Member of UNITE, Unified Network of Instructors and Trusted Eliminators

If I have been helpful & you'd like to consider a donation, click 38WxTfO.gif

#6 NextHopRouter

NextHopRouter

  • Members
  • 31 posts
  • OFFLINE
  •  
  • Gender:Male
  • Location:Central United States
  • Local time:03:52 PM

Posted 07 May 2014 - 01:47 PM

There is nothing wrong with using a hardware firewall together with a software firewall.

A hardware-based firewall is essentially a software firewall running on a dedicated piece of hardware or specialized device (routers, broadband gateways) that sits between a modem and a computer or network. These types of firewalls are based on Network Address Translation (NAT) which hides your computer from the Internet or NAT plus Stateful Packet Inspection (SPI). A hardware firewall typically uses packet filtering to examine the header of a packet to determine its source and destination addresses. This information is compared to a set of predefined or user-created rules that determine whether the packet is allowed (forwarded) or denied (dropped) on particular ports. Hardware firewalls can provide a strong degree of protection from most forms of attacks coming from the outside (incoming traffic). They are easy to configure and can protect every machine on a local or home network.

 

Yea, I personally have an affinity to software for the sake of memory, resources, etc. I don't have anything personally against them, I just don't care to use them. I don't keep anything on my computer I can't afford to lose.



#7 philfil

philfil

  • Members
  • 52 posts
  • OFFLINE
  •  
  • Gender:Male
  • Location:UK
  • Local time:10:52 PM

Posted 07 May 2014 - 02:19 PM

I use the Windows firewall on my Windows 7 computer. Previously, I used the Comodo firewall, which I found to be very good, but it seemed to contribute to a number of stability problems which appeared after I unstalled service pack 1. All I can say about this effect is that the problems went away when I switched from the Comodo firewall to the Windows firewall (problems related to very long boot up times and stalling). I still don't know what the underlying cause of these problems was. It could be related to the large number of options that one is presented with in setting up the Comodo firewall. Perhaps I chose the wrong ones. There are default settings but these might not be the most secure.

 

So far, I have had no problems with the Windows firewall.


Edited by philfil, 07 May 2014 - 02:21 PM.


#8 scotty_ncc1701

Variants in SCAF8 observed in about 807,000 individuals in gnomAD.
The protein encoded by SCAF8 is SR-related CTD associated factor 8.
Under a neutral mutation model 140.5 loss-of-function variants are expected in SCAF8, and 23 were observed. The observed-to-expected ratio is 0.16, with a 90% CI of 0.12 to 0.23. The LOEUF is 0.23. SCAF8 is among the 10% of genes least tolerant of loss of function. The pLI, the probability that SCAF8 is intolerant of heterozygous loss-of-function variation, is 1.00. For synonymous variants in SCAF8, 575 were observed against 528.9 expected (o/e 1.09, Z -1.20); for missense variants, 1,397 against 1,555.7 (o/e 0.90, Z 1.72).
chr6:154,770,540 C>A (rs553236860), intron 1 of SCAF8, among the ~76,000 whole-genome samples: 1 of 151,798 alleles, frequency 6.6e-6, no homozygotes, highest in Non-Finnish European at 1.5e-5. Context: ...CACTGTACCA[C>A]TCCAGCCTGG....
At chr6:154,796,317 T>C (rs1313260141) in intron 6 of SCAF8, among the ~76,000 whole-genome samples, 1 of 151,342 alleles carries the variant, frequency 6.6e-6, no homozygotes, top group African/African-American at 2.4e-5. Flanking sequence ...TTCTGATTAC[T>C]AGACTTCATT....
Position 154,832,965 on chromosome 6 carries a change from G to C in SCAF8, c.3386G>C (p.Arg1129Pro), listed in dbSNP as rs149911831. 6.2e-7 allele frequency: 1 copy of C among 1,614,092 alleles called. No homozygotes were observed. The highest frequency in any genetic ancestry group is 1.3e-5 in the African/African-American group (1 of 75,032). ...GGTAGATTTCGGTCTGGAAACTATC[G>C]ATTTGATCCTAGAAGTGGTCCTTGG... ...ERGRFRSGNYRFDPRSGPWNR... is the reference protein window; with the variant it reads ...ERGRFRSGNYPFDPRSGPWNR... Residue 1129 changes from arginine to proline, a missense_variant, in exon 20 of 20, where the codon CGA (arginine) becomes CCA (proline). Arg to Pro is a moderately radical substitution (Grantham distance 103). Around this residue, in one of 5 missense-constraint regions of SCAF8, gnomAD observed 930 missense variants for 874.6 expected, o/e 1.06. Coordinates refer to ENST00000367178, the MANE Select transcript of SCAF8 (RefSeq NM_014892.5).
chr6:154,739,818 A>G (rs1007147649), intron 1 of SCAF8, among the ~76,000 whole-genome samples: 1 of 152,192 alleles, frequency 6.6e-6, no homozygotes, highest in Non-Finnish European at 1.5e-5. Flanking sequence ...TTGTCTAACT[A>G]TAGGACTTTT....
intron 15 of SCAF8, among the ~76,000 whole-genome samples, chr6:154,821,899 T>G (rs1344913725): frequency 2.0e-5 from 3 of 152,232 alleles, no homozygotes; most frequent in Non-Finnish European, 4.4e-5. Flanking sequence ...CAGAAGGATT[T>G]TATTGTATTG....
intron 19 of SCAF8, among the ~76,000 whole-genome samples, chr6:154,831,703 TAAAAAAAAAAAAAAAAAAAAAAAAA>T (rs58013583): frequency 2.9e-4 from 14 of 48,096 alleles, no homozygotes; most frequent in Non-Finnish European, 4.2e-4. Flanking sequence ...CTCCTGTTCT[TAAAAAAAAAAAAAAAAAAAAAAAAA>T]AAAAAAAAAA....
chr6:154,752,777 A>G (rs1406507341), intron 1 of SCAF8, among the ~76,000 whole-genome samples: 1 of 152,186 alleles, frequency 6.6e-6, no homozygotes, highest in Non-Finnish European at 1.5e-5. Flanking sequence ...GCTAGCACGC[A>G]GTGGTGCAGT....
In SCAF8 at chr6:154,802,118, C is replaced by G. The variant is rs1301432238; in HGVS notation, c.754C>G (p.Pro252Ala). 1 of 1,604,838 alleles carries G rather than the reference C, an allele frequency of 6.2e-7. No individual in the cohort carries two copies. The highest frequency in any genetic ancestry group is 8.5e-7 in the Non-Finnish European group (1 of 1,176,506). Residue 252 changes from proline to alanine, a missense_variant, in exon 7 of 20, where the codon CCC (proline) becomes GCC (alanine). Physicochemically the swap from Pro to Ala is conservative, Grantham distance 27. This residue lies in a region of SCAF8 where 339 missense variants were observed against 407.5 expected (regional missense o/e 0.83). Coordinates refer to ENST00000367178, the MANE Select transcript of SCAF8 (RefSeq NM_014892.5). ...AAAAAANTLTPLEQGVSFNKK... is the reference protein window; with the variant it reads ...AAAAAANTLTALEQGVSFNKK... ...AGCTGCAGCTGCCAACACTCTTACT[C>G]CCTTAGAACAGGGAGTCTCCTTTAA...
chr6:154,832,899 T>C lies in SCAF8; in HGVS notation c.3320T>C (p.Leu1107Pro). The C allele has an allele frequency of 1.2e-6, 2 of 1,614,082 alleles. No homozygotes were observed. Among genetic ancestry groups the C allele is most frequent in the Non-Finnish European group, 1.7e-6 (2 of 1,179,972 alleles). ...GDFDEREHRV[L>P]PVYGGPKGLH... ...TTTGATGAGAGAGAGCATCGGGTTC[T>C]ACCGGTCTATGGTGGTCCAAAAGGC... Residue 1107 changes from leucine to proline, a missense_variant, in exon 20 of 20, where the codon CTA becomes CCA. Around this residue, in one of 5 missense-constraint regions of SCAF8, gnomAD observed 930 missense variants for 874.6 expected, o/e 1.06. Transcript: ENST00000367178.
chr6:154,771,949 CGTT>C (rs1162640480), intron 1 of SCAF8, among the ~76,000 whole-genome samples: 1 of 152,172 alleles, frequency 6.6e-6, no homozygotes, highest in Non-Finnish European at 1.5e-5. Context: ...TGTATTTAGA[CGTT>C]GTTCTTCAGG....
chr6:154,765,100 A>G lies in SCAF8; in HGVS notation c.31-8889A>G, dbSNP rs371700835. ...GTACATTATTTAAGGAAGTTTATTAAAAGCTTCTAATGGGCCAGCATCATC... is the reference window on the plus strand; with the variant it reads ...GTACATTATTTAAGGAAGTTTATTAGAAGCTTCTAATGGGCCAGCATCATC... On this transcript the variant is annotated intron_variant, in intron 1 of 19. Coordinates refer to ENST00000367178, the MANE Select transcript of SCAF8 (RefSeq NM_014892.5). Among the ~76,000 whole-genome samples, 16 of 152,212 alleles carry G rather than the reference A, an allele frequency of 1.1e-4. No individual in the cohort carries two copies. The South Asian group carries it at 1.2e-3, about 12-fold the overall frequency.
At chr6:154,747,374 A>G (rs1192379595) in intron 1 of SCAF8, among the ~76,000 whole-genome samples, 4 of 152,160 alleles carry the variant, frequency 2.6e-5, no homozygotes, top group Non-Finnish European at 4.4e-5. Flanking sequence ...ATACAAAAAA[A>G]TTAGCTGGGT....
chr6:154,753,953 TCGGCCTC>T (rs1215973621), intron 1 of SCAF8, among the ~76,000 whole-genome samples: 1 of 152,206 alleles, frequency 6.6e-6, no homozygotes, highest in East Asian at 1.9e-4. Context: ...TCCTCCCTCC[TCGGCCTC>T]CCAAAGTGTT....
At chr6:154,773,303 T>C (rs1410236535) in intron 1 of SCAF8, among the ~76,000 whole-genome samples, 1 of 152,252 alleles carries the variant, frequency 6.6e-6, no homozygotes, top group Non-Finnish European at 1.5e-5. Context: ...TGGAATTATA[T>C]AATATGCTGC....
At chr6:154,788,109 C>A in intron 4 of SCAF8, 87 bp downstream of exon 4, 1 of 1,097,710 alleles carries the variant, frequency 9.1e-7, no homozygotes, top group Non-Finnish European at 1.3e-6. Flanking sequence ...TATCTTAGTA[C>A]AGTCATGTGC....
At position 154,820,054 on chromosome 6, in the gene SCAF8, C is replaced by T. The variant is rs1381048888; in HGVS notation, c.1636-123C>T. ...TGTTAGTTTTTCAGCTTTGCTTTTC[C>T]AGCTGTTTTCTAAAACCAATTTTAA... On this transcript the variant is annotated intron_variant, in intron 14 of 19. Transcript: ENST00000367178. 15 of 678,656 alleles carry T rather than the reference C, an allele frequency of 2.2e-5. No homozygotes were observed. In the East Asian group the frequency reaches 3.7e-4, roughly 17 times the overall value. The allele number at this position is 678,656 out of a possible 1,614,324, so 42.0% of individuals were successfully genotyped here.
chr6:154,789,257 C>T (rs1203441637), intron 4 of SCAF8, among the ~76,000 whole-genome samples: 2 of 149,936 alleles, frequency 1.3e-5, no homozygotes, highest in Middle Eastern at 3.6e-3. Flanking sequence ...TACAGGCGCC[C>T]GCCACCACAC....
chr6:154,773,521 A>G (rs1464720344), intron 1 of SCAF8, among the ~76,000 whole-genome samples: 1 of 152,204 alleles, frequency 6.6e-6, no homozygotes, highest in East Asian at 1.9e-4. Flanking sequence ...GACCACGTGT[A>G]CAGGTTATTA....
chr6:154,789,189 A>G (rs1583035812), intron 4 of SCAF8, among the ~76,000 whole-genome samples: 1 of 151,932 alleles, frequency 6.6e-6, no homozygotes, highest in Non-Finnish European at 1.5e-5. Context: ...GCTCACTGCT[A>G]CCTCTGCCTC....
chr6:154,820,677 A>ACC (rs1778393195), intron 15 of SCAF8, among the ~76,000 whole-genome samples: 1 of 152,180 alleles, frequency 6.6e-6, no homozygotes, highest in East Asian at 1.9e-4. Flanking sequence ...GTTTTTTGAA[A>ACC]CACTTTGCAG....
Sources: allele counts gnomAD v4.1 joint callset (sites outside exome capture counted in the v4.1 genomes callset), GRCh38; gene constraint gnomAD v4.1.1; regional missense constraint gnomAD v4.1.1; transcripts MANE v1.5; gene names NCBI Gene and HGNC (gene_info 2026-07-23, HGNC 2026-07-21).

scotty_ncc1701
  • Topic Starter

  • Members
  • 520 posts
  • OFFLINE
  •  
  • Gender:Male
  • Local time:05:52 PM

Posted 08 May 2014 - 01:49 PM

The current firewall I use is COMODO, and as I've said, the interface is too convoluted, and the install size has gotten really large.  Like another user said, the excessive popups have gotten to be a pain (my words).

1.  SYMANTEC/NORTON.  I've abandoned Symantec/Norton products COMPLETELY.  I was a die hard SYMANTEC/NORTON until around 2007, or so.  The last good firewall/antivirus software they had was Norton Internet Security 2006.  About that time, they removed the live scanning of things downloaded from the Internet, requiring the user to scan everything manually.  This put the user's computer at risk.

2.  MCAFEE.  When I got clobbered with viruses in the fall of 1995, MCAFEE only found about 1/2 the viruses that SYMANTEC/NORTON did (600+).  I saved the viruses to floppy, and I've performed the same tests with different versions of SYMANTEC/NORTON and MCAFEE products until 5 or so years ago.  The results where the same.  I won't use MCAFEE products, no matter what they are.

3.  AVG.  Their antivirus is substandard.  I've seen more complaints viruses getting onto users computers, than any other antivirus software.  In fact, with the 600 viruses I save to floppy, AVG only discovered 5 out of about 600, or 0.83%.  So it is reasonable to conclude that their Internet Security is just as bad, so there's no reason to waste my time with it.

4.  KASPERSKY.  I will not use it, free or not, because of the country of origin.

5.  ZONEALARM.  The free version didn't have all the features I wanted, like the paid version.

I'm testing another firewall on a test computer.  Before I went to AVAST and COMODO, I ended up testing AV/Firewalls for about 1.5 years, before I made my choice.  It's called testing, testing, testing!          :busy:



#9 MysteryMac

MysteryMac

  • Members
  • 15 posts
  • OFFLINE
  •  
  • Local time:03:52 PM

Posted 14 May 2014 - 11:16 AM